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RK Project Updates

The Dublin Red Kite Blue White B3 has been helped by the amazing actions of Nessie Bergin and north Co. Dublin farmer David Garrigan. Mr Garrigan who initially found the tagged kite in a potato field knew it was from the reintroduction project. He alerted Nessie who was able to deftly capture the red kite and place it in a box for the Golden Eagle Trust volunteers to collect and take to the project vet, Fintan Browne at Anicare Vets (Blanchardstown).

The kite appeared weakened and was clearly in need of some care and very low in weight. It was found a short time some bad of weather and horrendous thunderstorm which may have downed the bird. A few days under Fintan’s expert care and the bird was transferred to aviaries getting lots of food in the form of dead rabbits and crows to speed its recovery.

Blue White B3 was one of the original Dublin kites which was collected in 2011 near Rhayader in Wales with project partners the Welsh Kite Trust on the 12thJune 2011 and released from Newbridge Demesne on the 26thJuly 2011. She has been seen on numerous occasions by the project team at winter roosts since her release over two years ago and had set up a territory earlier this summer.

The 29 pairs of Co. Wicklow kites produced 29 young during 2013 and whilst five pairs were located in north Co. Dublin, none of these were recorded to successfully breed. The Dublin project was initially set back by the loss of nine birds of which six were confirmed to have been subject to accidental secondary poisoning by rodenticides (rat poison).

Dr Marc Ruddock, Red Kite Project Manager said “We were devastated at the initial losses, but we have done considerable awareness raising of the issue and there is extensive support amongst landowners and communities within the area for the birds and we are not aware of any further losses. The Dublin kites are still very young to breed at only two years of age but it is an encouraging sign that pairs have been established – we hope next year, 2014 will see the first Dublin red kite chicks.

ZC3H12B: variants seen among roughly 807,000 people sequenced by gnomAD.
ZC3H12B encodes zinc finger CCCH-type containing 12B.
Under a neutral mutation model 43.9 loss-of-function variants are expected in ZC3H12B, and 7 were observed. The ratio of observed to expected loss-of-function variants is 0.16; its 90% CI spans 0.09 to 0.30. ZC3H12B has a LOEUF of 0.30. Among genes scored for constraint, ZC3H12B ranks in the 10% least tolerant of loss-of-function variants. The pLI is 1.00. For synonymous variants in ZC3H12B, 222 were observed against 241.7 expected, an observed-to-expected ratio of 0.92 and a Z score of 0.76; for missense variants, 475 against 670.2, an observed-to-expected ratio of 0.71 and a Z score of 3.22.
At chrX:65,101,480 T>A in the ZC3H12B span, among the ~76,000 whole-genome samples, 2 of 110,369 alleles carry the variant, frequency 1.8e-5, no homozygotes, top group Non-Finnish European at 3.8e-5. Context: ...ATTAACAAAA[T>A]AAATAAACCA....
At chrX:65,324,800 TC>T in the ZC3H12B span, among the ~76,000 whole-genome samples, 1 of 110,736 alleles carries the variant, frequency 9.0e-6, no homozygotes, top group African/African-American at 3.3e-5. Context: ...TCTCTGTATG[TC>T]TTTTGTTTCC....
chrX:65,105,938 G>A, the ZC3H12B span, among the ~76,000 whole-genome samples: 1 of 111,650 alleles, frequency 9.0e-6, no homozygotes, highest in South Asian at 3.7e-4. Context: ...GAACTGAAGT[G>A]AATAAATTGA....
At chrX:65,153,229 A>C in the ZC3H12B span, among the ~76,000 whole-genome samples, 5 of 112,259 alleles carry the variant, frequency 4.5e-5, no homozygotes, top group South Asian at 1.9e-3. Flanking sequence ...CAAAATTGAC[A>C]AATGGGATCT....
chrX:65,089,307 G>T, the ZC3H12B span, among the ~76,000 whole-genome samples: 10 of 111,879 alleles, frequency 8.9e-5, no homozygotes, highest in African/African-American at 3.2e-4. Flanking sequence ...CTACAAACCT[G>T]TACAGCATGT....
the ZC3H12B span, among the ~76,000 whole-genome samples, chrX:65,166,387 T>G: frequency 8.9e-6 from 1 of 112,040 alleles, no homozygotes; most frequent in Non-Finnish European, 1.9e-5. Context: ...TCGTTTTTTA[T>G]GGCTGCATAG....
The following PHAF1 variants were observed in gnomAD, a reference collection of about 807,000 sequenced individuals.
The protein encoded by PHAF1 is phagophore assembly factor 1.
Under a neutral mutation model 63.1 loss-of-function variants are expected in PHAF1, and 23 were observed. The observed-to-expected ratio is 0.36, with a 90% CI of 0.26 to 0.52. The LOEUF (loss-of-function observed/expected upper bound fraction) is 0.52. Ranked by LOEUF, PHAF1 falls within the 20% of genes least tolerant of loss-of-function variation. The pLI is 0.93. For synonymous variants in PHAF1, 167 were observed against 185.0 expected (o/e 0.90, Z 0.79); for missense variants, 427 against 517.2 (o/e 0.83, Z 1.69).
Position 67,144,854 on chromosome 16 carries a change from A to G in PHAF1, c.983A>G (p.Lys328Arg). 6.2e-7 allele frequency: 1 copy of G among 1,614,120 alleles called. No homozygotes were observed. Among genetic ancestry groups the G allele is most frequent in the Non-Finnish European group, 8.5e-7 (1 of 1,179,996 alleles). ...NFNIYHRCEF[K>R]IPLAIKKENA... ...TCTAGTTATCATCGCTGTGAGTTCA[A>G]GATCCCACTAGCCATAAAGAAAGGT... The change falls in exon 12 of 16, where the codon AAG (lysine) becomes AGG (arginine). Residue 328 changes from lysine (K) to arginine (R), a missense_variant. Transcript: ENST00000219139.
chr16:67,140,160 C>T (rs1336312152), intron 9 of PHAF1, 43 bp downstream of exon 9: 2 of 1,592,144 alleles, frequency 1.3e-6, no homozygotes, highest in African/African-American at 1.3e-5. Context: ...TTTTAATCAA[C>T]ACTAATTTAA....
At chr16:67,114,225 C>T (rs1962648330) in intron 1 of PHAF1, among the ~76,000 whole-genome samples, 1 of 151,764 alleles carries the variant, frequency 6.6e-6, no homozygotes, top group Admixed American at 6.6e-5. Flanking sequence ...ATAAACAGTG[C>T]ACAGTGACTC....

Dr Ruddock continued, “We would remind people especially as we approach the autumn when rat populations disperse following harvesting to be mindful of the red kites and other wildlife when using rodenticides.

Before she was released the project team, under specialist licencing, have tagged Blue White B3 with a satellite transmitter to allow us to follow her progress and movements over coming weeks and months.

The bird was returned to the wild by Nessie who rescued the bird and she said “I have decided to name her Hera who was a goddess of the sky and I hope she finds a good man goes on to have many young red kite chicks in the coming years”.

As Nessie opened her hands to release the bird back to the wild she said “Fly free” and a silence descended over the small group of volunteers and locals as we were all humbled at being part of the process to allow the bird another chance at freedom in the wild.

The Red Kite Project is a partnership between the Golden Eagle Trust, National Parks & Wildlife Service (NPWS) and Welsh Kite Trust and in Dublin was funded by the Fingal LEADER Partnership and the Department of Arts, Heritage & Gaeltacht and supported by KPMG, Fingal County Council, Fingal Conservation Volunteers, Birdwatch Ireland, Irish Raptor Study Group, AOL Monster Help Day and Burren Bird of Prey Centre. The local NARGC also provided all the food for the kites whilst they were in the cages.

The Golden Eagle Trust are grateful for the interest and support of all the residents and farmers of north Co. Dublin for the Irish Red Kite Project and particularly would like to thank David Garrigan, Nessie Bergin, Ciaran O’Keefe, Lorcan O’Toole, Samantha Rhodes, Fintan Browne (Anicare), Trevor Roche (Dublin Falconry), Ciaran Dunne, Derek O’Brien (NARGC), NPWS and British Trust for Ornithology for their help in returning Blue White B3 – Hera – back to the wild. Special thanks also to Paul Kavanagh and Outdoor Studio, Skerries (Eamon & Christine O’Daly) for the photos.